1. Satan uses his utmost endeavours to divert men’s attention from the word while they are hearing it.
The utility and indeed necessity of attention, in order to our reaping advantage from the word, is evident at first view. How is it possible that I should understand what another says, and so be benefited by it, if I do not listen to him? Nor will my hearing a word now and then, or catching a sentence as it passes, do me any material good. We must apply with seriousness, affection, and earnestness, if we will comprehend the reasoning of the speaker and feel the force of his persuasions. Hoc age, said the Roman crier to the people when the priest led them on to sacrifice. So we must be all attention, or the service will be unacceptable to God, and unprofitable to ourselves.
Now a great variety of circumstances may and often do occur, to divert the mind from what ought to be its only object on these occasions. And where there is no resolution or even wish to resist these temptations, it is easy to see who they will operate to prevent all salutary effect from the word. The man I hear mean to describe, not caring at all whether he is profited by what is said, will not fail to be haunted with a thousand vain and perhaps criminal thoughts and passions. Now, the person, voice, attitude, and manner of the preacher, shall wholly occupy his attention; and if there be any thing singular in either of them, excite disgust or pleasantry. And then his eye shall be caught by the audience, the place where they are assembled, and particularly the countenance, dress and demeanor of this or that person who sits near him. And so an infinite multitude of idle ridiculous ideas shall crowd in upon his mind, ad like so many demons take possession of his depraved imagination Or if his attention is not arrested by surrounding objects, the businesses and amusements of life, with all their perplexing anxieties and fascinating desires, shall captivate his thought and create a long train of reveries, from which, even if he were disposed, he would find it difficult to extricate himself. And thus while the wisdom divine truth is before him that hath understanding, the fool’s eyes are in the ends of the earth (Prov. Xvii. 24) There are few assemblies which do not furnish some striking examples of such criminal inattention, here one quietly composing himself to sleep, and there another indecently gazing on all around him. And I fear the hearts of the generality of hearers, could we enter into them, would exhibit the sad scene we have been describing in its full force; a torrent of wild, unconnected, trifling thoughts pouring in upon the mind, without even the feeble fence of one sober consideration or reflection to resist it.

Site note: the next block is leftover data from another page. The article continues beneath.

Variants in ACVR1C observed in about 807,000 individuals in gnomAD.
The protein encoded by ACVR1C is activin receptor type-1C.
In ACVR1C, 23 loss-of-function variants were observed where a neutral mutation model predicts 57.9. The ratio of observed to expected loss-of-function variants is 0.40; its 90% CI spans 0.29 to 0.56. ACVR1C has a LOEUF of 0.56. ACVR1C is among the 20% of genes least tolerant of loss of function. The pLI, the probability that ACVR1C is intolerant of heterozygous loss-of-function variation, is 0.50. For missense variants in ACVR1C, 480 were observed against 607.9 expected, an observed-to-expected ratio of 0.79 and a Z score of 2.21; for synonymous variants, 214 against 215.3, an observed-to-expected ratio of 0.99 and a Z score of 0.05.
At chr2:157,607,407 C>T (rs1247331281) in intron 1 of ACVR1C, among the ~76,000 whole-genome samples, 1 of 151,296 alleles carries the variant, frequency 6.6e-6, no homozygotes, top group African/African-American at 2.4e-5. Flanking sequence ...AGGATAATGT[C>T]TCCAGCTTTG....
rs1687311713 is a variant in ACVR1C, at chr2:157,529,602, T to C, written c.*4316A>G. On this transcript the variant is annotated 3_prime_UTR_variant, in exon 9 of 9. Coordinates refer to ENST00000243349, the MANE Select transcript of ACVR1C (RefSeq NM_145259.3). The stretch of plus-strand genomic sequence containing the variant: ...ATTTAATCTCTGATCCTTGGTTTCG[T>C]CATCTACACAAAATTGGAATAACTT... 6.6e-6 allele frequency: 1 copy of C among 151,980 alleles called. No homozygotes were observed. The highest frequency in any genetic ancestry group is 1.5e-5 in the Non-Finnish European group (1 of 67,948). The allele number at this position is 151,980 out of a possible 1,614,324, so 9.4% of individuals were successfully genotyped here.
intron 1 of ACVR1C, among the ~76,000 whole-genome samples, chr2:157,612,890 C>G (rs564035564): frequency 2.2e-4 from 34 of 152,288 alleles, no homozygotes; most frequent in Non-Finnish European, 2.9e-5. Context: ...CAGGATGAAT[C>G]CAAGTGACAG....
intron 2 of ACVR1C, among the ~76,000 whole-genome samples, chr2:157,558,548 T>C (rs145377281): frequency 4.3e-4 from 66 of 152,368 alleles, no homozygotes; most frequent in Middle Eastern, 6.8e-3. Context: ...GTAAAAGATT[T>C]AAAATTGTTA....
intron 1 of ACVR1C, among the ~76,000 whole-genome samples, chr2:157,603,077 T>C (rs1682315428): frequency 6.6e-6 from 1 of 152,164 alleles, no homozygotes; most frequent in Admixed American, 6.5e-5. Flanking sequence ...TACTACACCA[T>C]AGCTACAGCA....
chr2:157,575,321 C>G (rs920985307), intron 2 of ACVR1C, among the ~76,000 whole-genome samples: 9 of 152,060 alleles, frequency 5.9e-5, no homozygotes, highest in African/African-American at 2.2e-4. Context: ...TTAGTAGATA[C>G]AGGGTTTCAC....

Thus does satan catch away the seed from the hearts indisposed to receive it. He tempts, and they fall in with the temptation. He plays upon the imagination by surrounding objects, or by impertinent ideas suggested to the mind, and they are pleased with what they little suspect to be the artifice of this subtle adversary. Instead of watching each avenue of the soul, they throw open the door to every vile intruder, and revel in the most wanton and dissipated company, while they are supposed to be sitting attentively at the feet of divine instructions. So this mighty enemy sets up his standard in their bosoms, and bids defiance to the counsels, reproofs, and expostulations of God’s word. So he holds his miserable vassals fast in the chains of ignorance and unbelief. And so they go away from the house of God as uninformed, unaffected and unimproved as they came thither.
How lamentable the case of these hearers! But however stupid they may remain for awhile, conscience will by and by rouse, and do its office. The day is coming when this sad abuse of the means of religion will be recollected with pungent griefs. They will mourn at the last, to use the words of Solomon, when their flesh and their body are consumed, and they will say, How have I hated instruction, and my heart despised reproof? And have not obeyed the voice of my teachers, nor inclined my ear to them that instructed me? I was almost in all evil, in the midst of the congregation and the assembly (Prov. v, 11-14).